“It is not the Government’s policy to prevent migrant workers from engaging in legal strike action; and, to date, I am not aware of any case where a migrant worker has had their leave curtailed, or been removed, as a result of having engaged in legal industrial action. However, to put the matter beyond doubt, I will be making changes to the guidance and Immigration Rules for migrant workers (under the Tier 2 and 5 immigration routes) and their sponsors. The specific change will add legal strike action to the list of exceptions to the rule on absences from employment without pay for migrant workers. It will make clear that there will be no immigration consequences for any migrant worker who takes part in legal strike action in the same way that a migrant worker is not disadvantaged if they take maternity or paternity leave.”
A battle born in the HE sector will now bear its fruits and realise all migrants for fear of exercising their collective right beyond our sector and across all industries and sectors.
This is a major victory for the union movement and all those who care about equality and understand the importance of equal access to collective rights such as the right to participate in industrial action and freedom of association (guaranteed under various pieces of EU and International law), which are already highly constrained by the restricting legislation on strikes such as the Trade Union Bill, and growing employers’ hostility to trade unions in the UK. A variety of actors have contributed to this important and fast result, which shows the importance of articulating local and national battles if we want to win our campaigns.
As recalled by Sally Hunt in this national campaign, both the actions of the many individuals who have lobbied their MPs and put pressure on political representatives in Westminster and the support from key opposition politicians such as John McDonnell who has played a crucial role in heightening public awareness and visibility of the topic have played a central role to achieving victory. Being one of the branch that has contributed to the campaign, by submitting a motion to congress, organising a legal session with an immigration lawyer and rising the issue with colleagues beyond the union, and with the executive management at the Equality and Inclusion committee of the university, we also want to emphasise the importance of the activity of local branches in developing the grassroot movement and influence that bring about social and political change.
During our legal workshop at Leeds we also learned that the attack on the right to strike is only one element of the evil architecture of the ‘hostile environment’ against our fellow internationals: not only living in an atmosphere of anxiety and fear during exceptional periods of action such as strikes, but in their everyday life as researchers, teachers and academics they are massively constrained by the current Home Office rules in their capacity to travel and be away from the UK (including for research and conferences!) for longer than 180 days.
The current rules indeed establish that the Home Office can arbitrarily pick up any 180 out of any calendar year when it comes for the migrant to apply for their indefinite leave to remain, thus jeopardising their possibility to regularise and extend their stay in the UK (and the rights of their dependant family members). We believe that, although impacting on very different areas of work, the underlying logic of the hostile environment is the same as the one that established the limitation to the right to strike: constraining people mobility and their individual and collective freedoms to keep them subjugated and docile in a climate of fear where their employment is constantly dependent on the authority and revocable. The 180 days rule brings with it the contradictory outcome to decrease migrants’ ability to do their job well, their opportunities for training and development, and not least, their very academic freedom. This is at least what we see in the field of HE but of course the principle of keeping workers under a constrained mobility regime and in a constant status of insecurity in terms of their right to reside tight to the continuation of their employment, is a principle that marks immigration controls across all sectors. At least now these same workers will feel that they are on equal foot with their peers when it comes to the right to voice concerns and participate in lawful industrial action and any future action related to our terms and conditions of employment, including, the effects of this oppressive immigration regime.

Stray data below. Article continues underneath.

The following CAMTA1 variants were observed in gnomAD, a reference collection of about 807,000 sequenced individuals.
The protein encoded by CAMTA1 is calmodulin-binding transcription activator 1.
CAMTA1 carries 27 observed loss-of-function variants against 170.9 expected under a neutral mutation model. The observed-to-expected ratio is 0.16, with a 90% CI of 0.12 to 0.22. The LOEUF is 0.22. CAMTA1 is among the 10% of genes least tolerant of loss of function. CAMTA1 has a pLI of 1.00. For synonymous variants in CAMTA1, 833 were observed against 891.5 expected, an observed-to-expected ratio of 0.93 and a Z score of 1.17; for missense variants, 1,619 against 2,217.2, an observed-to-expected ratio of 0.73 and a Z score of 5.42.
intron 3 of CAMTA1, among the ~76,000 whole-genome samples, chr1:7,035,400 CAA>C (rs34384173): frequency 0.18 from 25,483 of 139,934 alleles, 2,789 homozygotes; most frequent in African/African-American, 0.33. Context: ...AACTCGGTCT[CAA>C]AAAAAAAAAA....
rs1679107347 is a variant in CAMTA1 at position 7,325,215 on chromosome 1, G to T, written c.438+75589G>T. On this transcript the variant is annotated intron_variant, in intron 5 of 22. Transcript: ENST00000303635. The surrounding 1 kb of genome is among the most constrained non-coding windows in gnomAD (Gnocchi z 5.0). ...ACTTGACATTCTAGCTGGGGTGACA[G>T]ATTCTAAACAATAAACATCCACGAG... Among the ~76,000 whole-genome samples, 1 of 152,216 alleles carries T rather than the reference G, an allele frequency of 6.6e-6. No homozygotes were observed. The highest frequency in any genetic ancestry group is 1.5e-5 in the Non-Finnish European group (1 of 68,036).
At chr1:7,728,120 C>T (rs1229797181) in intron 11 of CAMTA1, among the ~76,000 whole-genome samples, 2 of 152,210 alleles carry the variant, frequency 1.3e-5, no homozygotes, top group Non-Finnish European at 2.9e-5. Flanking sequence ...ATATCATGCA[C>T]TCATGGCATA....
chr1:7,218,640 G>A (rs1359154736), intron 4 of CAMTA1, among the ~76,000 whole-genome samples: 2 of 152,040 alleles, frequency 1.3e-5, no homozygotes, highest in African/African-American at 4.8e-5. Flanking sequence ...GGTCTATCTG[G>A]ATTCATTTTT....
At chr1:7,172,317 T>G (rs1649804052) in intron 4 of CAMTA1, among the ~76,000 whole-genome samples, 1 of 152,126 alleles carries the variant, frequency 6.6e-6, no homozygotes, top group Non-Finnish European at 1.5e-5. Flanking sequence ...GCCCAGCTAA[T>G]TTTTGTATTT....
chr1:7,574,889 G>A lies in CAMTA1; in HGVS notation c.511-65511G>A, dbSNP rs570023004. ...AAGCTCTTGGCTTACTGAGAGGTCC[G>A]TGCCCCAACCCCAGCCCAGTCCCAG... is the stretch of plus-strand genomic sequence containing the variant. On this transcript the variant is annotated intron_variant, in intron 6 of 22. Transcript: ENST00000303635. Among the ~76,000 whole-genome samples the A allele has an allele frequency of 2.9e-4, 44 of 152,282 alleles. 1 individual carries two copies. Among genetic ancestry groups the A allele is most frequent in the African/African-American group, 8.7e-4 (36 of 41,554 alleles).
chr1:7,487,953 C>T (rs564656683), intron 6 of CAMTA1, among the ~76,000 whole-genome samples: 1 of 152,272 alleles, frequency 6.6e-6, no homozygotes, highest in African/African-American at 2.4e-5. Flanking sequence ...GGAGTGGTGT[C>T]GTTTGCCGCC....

We are really proud that our union and its members have contributed to a change in the law that will deliver important result for all migrant worker in the country. This is however only one aspect of the hostile environment and our longer term and wider scope battle against the unfairness of the immigration regime on our campuses and beyond can only be reinvigorate and grow as a result of this victory. But there is still so much to do, from the Monitoring of staff and students (link to Unis Resist Border Controls survey), to the consequences of Brexit, Prevent, and heads up against everyday acts of racism and xenophobia that occure in our workplaces, let alone the institutional racism that make BAME workers still disadvantage at the point of recruitment and progression.
This is a critical political moment where the Hostile Environment is finally under greater public scrutiny and where migrant workers from all sides can join in together to resist the Point based system and the inequality that results from it.
We have held the structures of power accountable, and we have won! We view this victory as an affirmation that collective action works.
United we stand! Onwards with our migrant equality agenda, in Leeds and everywhere.